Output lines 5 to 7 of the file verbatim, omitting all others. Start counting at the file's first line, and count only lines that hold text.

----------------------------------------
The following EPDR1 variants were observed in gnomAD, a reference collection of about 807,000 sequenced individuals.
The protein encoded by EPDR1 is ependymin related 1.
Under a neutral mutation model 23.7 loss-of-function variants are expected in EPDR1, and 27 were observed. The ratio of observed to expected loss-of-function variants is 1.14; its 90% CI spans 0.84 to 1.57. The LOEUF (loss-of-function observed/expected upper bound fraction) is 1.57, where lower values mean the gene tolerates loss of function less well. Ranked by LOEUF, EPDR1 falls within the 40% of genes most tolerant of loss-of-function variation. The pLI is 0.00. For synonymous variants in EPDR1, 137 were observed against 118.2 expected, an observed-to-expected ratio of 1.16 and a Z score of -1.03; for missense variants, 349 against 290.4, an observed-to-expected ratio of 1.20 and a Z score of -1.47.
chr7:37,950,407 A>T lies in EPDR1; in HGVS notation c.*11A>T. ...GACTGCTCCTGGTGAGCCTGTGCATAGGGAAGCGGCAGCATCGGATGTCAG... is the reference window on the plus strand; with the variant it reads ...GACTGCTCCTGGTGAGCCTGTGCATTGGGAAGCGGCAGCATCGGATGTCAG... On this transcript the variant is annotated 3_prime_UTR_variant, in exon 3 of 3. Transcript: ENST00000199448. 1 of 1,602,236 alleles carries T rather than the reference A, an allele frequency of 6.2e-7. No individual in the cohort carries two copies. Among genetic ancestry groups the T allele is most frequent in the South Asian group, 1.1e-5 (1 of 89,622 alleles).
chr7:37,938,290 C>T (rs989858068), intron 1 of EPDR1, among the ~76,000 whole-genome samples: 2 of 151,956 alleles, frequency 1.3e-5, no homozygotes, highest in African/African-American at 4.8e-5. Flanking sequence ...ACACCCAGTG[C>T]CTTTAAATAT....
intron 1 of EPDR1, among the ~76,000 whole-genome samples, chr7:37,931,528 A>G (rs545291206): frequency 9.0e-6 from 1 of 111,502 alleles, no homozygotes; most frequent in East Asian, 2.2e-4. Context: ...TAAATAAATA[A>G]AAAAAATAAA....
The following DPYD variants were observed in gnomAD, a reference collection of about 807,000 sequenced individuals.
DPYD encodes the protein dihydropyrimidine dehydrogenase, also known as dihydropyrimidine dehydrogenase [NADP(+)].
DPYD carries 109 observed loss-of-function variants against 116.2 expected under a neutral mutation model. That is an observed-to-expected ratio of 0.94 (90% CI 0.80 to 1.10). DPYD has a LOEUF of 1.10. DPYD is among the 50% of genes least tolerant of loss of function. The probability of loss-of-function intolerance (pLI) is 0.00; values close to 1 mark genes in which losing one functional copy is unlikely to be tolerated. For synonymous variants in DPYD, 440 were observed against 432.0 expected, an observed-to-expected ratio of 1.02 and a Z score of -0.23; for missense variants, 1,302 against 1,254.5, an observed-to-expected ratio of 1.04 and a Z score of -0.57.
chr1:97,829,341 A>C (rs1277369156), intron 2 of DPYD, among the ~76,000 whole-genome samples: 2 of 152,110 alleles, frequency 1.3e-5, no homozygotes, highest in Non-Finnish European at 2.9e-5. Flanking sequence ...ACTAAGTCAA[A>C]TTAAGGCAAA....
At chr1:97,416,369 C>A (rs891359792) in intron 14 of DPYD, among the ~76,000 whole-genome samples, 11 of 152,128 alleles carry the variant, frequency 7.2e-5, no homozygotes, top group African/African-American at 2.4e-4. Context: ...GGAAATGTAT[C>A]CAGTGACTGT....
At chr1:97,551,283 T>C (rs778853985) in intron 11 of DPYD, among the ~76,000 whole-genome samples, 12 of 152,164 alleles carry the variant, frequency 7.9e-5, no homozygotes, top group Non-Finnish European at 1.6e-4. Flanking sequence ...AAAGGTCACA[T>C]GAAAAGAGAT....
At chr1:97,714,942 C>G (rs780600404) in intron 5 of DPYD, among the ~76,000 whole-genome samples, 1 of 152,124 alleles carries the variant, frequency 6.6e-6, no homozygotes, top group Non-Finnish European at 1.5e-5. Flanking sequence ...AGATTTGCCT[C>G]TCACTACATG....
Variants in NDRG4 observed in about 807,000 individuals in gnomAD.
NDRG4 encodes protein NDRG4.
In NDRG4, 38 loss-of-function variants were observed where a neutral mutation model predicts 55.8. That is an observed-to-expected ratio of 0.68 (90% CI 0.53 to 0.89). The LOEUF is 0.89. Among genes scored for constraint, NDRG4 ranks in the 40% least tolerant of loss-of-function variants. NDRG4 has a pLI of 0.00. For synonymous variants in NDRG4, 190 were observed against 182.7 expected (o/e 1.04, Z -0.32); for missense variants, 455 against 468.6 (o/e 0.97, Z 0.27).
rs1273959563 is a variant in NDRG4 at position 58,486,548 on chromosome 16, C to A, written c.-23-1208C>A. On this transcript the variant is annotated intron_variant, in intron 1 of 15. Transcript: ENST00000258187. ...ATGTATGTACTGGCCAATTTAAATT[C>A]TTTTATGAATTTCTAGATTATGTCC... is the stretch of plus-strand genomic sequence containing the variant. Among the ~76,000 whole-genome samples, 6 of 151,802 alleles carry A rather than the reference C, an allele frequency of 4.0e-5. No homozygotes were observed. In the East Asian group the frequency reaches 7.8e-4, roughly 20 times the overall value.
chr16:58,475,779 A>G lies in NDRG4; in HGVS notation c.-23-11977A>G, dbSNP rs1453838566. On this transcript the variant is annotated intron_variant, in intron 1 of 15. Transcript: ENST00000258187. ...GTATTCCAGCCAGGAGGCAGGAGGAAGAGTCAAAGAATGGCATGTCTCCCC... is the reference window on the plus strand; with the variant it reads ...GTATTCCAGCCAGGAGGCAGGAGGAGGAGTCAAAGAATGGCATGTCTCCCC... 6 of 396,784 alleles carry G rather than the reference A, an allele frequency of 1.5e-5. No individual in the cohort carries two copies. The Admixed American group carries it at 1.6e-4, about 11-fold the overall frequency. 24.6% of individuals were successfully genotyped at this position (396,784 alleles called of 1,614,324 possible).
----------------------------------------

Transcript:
chr7:37,938,290 C>T (rs989858068), intron 1 of EPDR1, among the ~76,000 whole-genome samples: 2 of 151,956 alleles, frequency 1.3e-5, no homozygotes, highest in African/African-American at 4.8e-5. Flanking sequence ...ACACCCAGTG[C>T]CTTTAAATAT....
intron 1 of EPDR1, among the ~76,000 whole-genome samples, chr7:37,931,528 A>G (rs545291206): frequency 9.0e-6 from 1 of 111,502 alleles, no homozygotes; most frequent in East Asian, 2.2e-4. Context: ...TAAATAAATA[A>G]AAAAAATAAA....
The following DPYD variants were observed in gnomAD, a reference collection of about 807,000 sequenced individuals.